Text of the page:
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Mar 31, 2015 5:03 AM

Kuwait opens Syria donor conference with $500 million pledge

The Associated Press

KUWAIT CITY (AP) Kuwait opened an international donors' conference for Syria on Tuesday with a pledge of $500 million in humanitarian aid as the United Nations issued its largest yet appeal for $8.4 billion in commitments this year for the war-ravaged country.

Emir Sheikh Sabah Al Ahmad Al Sabah made the pledge at the start of the third annual gathering in Kuwait. In his opening remarks, the emir said the Syrian conflict is the "biggest humanitarian crisis in recent history."

The civil war, now in its fifth year, has killed at least 220,000 people and displaced 11 million, according to U.N. figures. Of the displaced, nearly 4 million have been forced to flee to nearby countries such as Lebanon, Turkey, Jordan, Iraq and Egypt, stretching resources there to the limit.

As the crisis in Syria continues unabated, the U.N. says $2.9 billion is needed in 2015 for Syrian people inside the country, and $5.5 billion for those who have fled to the five countries.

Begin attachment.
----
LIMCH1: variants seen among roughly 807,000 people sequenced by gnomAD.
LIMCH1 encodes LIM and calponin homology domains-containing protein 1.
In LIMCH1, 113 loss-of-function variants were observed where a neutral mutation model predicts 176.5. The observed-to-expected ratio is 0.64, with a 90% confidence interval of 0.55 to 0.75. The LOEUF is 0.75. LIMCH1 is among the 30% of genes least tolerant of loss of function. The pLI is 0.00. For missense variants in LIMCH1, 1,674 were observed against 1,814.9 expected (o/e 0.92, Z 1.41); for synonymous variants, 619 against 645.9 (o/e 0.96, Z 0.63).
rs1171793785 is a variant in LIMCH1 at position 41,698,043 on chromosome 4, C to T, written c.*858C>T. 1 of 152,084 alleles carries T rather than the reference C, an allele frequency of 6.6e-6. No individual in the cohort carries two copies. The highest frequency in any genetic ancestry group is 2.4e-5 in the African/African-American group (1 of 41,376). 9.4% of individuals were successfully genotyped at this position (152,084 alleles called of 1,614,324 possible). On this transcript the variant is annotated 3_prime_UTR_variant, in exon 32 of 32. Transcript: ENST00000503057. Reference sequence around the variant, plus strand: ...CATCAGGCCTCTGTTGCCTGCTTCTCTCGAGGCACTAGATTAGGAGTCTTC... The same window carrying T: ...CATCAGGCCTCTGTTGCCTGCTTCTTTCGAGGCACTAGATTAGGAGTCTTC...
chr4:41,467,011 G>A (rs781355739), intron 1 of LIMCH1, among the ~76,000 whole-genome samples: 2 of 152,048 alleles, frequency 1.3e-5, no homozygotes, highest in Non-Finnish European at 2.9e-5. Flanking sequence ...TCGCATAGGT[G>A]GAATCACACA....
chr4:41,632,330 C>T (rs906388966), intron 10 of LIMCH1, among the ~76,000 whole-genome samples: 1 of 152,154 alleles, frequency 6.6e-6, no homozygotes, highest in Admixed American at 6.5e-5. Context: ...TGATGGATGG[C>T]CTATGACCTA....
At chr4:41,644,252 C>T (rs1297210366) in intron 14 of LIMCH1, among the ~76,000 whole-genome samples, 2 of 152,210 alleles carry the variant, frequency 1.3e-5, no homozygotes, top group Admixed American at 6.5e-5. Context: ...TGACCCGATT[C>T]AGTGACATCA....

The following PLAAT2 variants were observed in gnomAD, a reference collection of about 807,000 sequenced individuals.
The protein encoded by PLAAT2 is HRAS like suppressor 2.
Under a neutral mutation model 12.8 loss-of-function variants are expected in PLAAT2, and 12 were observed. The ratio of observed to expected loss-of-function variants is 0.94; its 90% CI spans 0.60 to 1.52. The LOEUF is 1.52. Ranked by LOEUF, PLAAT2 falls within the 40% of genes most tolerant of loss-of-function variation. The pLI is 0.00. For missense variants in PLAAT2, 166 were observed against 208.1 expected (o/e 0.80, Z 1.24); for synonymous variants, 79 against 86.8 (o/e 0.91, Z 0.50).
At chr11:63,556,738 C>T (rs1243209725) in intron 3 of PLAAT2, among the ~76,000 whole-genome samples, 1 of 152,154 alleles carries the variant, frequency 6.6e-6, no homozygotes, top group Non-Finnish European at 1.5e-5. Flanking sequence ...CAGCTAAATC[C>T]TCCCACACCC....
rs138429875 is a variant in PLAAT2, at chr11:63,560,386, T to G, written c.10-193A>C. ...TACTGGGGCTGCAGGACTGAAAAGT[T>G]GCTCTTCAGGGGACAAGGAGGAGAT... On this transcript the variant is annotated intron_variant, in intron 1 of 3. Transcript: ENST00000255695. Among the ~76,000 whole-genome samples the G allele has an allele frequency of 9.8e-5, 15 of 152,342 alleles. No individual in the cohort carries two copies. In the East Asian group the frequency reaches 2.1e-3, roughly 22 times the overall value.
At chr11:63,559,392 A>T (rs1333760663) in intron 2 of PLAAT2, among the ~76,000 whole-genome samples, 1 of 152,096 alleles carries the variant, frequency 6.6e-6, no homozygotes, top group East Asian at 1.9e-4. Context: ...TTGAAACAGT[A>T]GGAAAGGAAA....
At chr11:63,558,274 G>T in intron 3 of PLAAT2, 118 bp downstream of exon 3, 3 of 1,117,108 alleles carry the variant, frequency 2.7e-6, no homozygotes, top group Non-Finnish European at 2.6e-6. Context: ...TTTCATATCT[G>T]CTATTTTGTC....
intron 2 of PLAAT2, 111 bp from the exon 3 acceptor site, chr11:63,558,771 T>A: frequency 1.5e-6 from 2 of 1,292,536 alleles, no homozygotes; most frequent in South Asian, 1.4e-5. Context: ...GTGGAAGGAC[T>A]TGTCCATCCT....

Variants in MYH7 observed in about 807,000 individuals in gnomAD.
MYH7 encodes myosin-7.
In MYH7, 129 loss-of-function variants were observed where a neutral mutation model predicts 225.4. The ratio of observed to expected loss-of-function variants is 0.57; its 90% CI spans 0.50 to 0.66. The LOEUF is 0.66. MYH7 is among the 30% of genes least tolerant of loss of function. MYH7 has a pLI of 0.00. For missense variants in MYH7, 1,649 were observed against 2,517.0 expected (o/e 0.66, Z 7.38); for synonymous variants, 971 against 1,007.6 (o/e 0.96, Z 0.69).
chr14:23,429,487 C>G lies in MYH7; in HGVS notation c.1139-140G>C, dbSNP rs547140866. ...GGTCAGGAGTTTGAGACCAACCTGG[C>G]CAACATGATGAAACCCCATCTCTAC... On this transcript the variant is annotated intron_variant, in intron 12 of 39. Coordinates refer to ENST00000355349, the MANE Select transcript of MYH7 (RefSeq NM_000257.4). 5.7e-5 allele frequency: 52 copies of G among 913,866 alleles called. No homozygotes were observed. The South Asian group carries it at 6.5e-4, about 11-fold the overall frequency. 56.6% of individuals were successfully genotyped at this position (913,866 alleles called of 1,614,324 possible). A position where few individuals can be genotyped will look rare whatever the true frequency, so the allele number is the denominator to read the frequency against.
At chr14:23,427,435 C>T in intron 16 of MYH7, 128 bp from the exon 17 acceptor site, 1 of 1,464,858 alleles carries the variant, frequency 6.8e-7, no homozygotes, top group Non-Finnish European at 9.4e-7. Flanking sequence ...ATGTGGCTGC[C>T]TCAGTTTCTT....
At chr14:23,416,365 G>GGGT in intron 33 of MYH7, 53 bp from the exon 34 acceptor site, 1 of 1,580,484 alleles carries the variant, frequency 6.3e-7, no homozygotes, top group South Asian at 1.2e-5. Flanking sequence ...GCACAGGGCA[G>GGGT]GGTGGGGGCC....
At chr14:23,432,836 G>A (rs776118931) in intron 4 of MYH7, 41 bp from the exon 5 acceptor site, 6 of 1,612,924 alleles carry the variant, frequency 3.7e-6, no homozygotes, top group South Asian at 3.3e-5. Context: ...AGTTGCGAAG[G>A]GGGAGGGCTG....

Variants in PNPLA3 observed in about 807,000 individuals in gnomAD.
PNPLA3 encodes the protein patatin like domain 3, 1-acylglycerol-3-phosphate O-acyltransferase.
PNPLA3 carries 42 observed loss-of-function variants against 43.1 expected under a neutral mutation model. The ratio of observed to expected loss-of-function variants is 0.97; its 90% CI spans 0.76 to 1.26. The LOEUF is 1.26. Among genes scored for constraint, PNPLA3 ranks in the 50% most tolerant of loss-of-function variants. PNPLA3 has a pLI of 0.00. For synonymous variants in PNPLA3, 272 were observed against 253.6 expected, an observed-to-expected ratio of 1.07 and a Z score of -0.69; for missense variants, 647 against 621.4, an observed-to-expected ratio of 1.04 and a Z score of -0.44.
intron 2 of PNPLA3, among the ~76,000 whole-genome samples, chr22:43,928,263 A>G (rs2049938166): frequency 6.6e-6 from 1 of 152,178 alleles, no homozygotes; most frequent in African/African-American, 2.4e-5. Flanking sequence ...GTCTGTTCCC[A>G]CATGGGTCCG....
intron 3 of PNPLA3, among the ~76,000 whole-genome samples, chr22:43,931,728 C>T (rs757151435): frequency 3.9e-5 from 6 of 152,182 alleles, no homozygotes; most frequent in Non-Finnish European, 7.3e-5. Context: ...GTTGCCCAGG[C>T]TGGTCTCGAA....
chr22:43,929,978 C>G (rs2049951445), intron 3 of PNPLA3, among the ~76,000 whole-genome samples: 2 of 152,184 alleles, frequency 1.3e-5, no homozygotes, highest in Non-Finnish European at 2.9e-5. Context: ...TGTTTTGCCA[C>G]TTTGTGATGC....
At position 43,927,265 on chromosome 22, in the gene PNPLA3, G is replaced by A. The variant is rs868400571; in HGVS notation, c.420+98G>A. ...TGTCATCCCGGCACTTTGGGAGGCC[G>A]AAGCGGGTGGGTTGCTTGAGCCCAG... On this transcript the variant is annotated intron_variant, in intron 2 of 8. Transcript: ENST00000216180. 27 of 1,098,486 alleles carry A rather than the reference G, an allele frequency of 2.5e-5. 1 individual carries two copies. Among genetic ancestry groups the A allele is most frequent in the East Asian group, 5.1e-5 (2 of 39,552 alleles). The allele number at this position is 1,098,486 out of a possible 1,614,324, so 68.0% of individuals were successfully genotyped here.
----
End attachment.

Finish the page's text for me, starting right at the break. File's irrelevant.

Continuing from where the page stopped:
The U.N. Office for the Coordination of Humanitarian Affairs says the Syrian crisis has created the "the largest displacement crisis in the world" and that 12.2 million people just under half of them children are in "dire need of aid."

"The Syrian people's plight has spilled over the hosting countries, exhausting their resources and it is our role to support the host countries," Al Sabah said.

Ahead of this year's gathering, the German government said it will pledge $277 million in new aid. Kuwaiti state media say local charities and aid organizations pledged another $506 million just before the conference started.

At last year's donors' conference, nearly 40 nations and key organizations pledged some $2.4 billion, though the U.N. had called for $6.5 billion in pledges. In 2013, some $1.5 billion were pledged, less than half of the U.N.'s appeal of $4.4 billion.

The U.N. humanitarian office's Financial Tracking Service said in November that nearly a quarter of last year's pledges, or $585 million, had not been fulfilled.

In his speech at the conference Tuesday, U.N. Secretary General Ban Ki-Moon said that more of last year's pledges have since come through, up to about 90 percent of what was pledged. He said the Syrians need more than just sympathy, and that they need commitments.

Some 78 countries and 40 international aid organizations are present at this year's conference. Kuwait, consistently one of the largest donors at the conference, similarly pledged $500 million last year and $300 million the year before.


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